The G-4 — Brazil, Germany, India and Japan — hold the view that the new permanent members should have the same responsibilities and obligations as the current permanent members the US, the UK, Russia, France and China.
However, the new permanent members will hold off wielding the Veto power for fifteen years after the reforms come into place.
"The new permanent members shall not exercise the right of Veto until the question of the extension of the right of Veto to new permanent members has been decided upon in the framework of the review mandated fifteen years after the entry into force of the Council reform," said Hardeep Singh Puri, India's envoy to the UN.
Speaking at the ongoing discussion on the reforms this week, Puri said that this compromise would "ensure that the veto does not veto Council reform."
At this stage only a small number of countries want the Veto to be abolished altogether but a large majority would prefer some restrictions on the use of Veto especially in under certain circumstances like genocide, crimes against humanity and serious violations of international humanitarian law; war crimes, ethnic cleansing and terrorism.
The deliberations on the Veto are part of the growing momentum to achieve concrete progress on UNSC reforms.
This year the discussion was kicked off with the chairperson of security reform process Zahir Tanin, who is also Afghanistan's permanent representative to the UN, asking member-states to submit proposals that can be worked into a negotiating text, which will be the basis for future discussions.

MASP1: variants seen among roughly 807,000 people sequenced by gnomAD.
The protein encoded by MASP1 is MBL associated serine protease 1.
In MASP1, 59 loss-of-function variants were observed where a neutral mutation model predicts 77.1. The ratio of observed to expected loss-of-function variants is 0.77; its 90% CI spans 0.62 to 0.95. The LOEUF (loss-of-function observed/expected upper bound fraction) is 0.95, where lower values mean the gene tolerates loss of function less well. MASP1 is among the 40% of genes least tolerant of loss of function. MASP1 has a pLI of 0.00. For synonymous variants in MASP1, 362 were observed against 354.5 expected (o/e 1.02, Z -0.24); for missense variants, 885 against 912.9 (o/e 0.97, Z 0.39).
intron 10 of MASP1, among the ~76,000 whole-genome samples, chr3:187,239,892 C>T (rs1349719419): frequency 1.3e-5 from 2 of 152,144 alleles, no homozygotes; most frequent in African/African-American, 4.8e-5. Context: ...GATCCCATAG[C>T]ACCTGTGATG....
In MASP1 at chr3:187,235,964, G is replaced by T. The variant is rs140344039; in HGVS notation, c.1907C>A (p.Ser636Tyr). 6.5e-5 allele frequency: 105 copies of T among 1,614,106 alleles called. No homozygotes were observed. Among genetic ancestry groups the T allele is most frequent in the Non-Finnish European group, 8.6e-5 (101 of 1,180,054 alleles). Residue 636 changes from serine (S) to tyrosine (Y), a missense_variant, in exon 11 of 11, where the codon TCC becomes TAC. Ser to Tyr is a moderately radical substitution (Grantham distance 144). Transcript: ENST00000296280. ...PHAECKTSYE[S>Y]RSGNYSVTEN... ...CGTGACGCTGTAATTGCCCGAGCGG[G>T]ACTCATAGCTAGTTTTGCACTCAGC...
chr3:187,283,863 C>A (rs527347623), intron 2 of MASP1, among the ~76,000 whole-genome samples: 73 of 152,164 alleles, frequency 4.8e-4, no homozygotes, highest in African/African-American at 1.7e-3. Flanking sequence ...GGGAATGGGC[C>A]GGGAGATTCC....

In 2009, member-states of the UN finally abandoned the 'Open Ended Working Group' (OEWG) that had dragged on for 15 years without yielding any substantive results.
In March last year, the old talks were replaced by the new "inter-governmental negotiations".
Speaking to PTI earlier, Puri even expressed confidence that current negotiations will lead to tangible action in 2010 and could probably yield results in 2011.
At the same time, Pakistan is not in favour of an expansion in the permanent category.
Opponents of the expansion fear that more members will further cripple the SC, which is often divided and fails to reach effective decisions on peace and security matters.
These countries also argue that assigning more powerful countries permanent positions in the Security Council will not break the power dynamics of the past.